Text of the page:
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Senators’ Medicaid changes to be unveiled next week

Florida Senate leaders next week will release their first detailed proposal for overhauling the Medicaid system, calling for a shift of hundreds of thousands of beneficiaries to managed-care plans.

Senate Health and Human Services Appropriations Chairman Joe Negron, R-Stuart, said this morning he will release a bill next Thursday about how to re-make the $20 billion program. Designed to cover low-income children, the elderly and disabled, Medicaid has been a lightning rod during budget discussions because of its growth in bad economic times.

Negron said Senate President Mike Haridopolos, R-Merritt Island, has scheduled a special meeting Tuesday on the Senate floor to discuss ideas for changing the system.

Negron said the bill remains a "work in progress.''

"We started literally with a blank sheet of paper, and we tried to construct a new Medicaid program that transforms the way we provide care to our fellow citizens,'' he said.

Meanwhile, aides to Gov. Rick Scott said he will not propose a detailed Medicaid overhaul but will work with the House and Senate to agree on a plan. Like Republican legislative leaders, Scott backs a major shift to managed care to help hold down spiraling costs in the program.

Scott released a budget proposal this week that says the state could save $1.2 billion during the 2012-13 fiscal year by revamping Medicaid. Such savings would not be possible during the upcoming 2011-12 year because of time it would take to put the mandatory managed-care system in place.

But Negron said he expects to propose a budget during the upcoming legislative session that will cut overall Medicaid spending, at least in part through the program overhaul.

"Our goal is to achieve immediate savings,'' he said.

Florida is not alone in looking to use managed care to help solve Medicaid budget problems --- other states are considering such moves or have already made them. But many patient advocates and health-provider groups are worried that the overhaul could lead to reduced services for Medicaid beneficiaries.

Two controversial issues during the Medicaid debate will focus on whether a managed-care requirement should apply to people with developmental disabilities such as Down syndrome and to seniors who need long-term care. Jane Johnson, a health-budget aide to Scott, told Negron's committee this morning the governor backs including those groups, though indicated it could take time.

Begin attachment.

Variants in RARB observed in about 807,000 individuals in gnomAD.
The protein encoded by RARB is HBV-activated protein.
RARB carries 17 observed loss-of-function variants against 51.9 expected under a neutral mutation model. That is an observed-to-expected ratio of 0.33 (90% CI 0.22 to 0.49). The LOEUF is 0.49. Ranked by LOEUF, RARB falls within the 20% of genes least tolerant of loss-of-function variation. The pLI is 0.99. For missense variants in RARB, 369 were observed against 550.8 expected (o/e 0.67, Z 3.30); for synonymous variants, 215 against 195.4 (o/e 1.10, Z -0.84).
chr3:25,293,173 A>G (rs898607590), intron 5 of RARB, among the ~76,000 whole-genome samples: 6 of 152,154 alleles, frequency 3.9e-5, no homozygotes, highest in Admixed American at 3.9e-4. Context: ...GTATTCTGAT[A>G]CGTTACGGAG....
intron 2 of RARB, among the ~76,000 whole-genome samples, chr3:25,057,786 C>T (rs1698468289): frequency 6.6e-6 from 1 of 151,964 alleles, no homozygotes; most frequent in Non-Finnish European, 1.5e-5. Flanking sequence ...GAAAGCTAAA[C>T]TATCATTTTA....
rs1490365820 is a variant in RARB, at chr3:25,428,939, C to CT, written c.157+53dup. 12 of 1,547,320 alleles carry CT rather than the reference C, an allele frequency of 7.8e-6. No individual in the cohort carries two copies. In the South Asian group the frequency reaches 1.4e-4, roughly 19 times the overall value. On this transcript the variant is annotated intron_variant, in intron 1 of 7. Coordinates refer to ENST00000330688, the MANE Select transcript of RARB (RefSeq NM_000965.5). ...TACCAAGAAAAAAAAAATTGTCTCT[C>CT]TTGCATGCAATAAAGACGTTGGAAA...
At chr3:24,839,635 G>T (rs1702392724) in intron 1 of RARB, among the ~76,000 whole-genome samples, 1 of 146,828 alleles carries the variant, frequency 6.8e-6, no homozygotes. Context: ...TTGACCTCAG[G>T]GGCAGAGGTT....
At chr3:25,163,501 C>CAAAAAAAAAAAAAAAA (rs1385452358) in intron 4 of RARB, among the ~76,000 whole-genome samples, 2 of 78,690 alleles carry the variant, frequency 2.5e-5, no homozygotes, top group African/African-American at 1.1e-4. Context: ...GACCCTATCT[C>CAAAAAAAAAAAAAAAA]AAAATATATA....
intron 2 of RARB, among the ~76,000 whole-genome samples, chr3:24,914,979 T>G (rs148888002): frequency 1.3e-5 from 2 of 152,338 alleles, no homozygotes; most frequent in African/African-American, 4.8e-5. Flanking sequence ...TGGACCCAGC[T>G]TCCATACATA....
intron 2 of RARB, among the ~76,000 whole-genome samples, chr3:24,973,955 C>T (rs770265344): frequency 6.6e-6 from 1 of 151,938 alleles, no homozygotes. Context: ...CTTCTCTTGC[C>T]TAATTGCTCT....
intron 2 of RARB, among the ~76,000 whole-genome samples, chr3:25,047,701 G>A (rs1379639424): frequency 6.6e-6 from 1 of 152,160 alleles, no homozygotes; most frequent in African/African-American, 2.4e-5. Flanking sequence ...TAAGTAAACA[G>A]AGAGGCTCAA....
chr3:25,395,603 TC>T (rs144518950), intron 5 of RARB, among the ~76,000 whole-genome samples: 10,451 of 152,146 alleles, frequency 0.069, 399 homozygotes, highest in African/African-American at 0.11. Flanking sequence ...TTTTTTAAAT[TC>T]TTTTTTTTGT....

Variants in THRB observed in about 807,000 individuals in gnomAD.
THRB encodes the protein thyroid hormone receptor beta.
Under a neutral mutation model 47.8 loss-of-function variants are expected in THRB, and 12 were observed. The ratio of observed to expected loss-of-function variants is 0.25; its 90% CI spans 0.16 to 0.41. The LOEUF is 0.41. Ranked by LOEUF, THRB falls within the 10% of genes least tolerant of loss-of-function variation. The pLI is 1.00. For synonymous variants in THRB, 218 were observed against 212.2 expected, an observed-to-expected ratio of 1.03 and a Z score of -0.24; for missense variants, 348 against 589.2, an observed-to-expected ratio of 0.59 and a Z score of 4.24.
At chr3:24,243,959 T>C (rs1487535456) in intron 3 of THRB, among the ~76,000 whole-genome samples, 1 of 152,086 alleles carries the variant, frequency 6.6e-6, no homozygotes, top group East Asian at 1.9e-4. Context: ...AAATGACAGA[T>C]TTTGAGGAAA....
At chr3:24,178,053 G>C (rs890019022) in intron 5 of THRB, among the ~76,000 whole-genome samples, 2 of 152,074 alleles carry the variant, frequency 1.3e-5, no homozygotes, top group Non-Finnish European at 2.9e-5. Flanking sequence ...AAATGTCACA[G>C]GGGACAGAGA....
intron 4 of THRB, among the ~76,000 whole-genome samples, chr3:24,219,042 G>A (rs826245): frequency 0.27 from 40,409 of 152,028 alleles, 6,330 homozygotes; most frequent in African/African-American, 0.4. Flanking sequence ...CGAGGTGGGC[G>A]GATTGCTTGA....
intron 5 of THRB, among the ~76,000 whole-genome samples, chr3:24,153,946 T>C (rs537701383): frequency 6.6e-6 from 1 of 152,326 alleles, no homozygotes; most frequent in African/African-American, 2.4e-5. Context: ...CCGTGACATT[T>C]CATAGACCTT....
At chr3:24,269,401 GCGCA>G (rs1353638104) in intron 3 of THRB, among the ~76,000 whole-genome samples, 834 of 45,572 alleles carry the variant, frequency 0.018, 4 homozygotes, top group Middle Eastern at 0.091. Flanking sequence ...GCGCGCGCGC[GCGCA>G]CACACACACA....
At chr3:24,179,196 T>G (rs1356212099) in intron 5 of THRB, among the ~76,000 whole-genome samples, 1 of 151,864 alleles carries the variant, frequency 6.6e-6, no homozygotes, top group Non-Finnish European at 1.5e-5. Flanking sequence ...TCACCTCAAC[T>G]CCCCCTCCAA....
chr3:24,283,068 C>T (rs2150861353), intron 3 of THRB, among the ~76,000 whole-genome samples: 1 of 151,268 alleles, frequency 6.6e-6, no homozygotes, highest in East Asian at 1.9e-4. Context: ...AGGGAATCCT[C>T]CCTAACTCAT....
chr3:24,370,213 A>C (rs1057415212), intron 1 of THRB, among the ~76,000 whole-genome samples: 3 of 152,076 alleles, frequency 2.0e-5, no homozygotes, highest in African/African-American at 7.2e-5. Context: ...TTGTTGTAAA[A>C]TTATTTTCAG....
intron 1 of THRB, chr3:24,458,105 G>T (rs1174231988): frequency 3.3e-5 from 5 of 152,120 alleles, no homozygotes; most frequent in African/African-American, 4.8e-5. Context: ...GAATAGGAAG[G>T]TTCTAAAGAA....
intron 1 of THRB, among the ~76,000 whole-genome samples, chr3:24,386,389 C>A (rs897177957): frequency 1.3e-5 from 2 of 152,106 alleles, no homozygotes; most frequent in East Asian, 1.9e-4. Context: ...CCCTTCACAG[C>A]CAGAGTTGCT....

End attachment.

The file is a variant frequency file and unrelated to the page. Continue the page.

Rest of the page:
"I think eventually, he would like to see all the Medicaid programs wrapped up in that umbrella,'' Johnson said.

As Scott and lawmakers get ready to revamp Medicaid, a major unknown is whether the federal government will go along with the state's plans. Federal officials last year declined to grant Florida a straight extension of a five-county Medicaid pilot program that began in 2006, leading to talks that remain ongoing.

That pilot program requires most beneficiaries in Broward, Duval, Nassau, Clay and Baker counties to use HMOs or other types of managed-care plans.

The Senate last year backed expanding the pilot program to 19 additional counties. But senators did not develop a detailed plan to make those changes --- or to go further.

The House, meanwhile, approved a comprehensive bill last year to gradually shift virtually all Medicaid beneficiaries into managed care. House leaders have already said they will use that bill --- which the Senate did not approve --- as a starting point for Medicaid discussions during the upcoming 2011 legislative session.

Exact details of the Senate draft bill remain unknown. But broadly, Negron and Haridopolos have already made clear they will propose a statewide managed-care system.

Legislative leaders also have been looking at the possibility of trying to shield doctors who serve Medicaid patients from costly lawsuits. Negron said such an idea will be included in the Senate bill, though details need to be worked out.

That likely will touch off a controversy, with trial lawyers arguing that lawsuit limits shouldn't be imposed on patients injured by malpractice just become they can't afford private coverage.

--Capital Bureau Chief Jim Saunders can be reached at 850-228-0963 or by e-mail at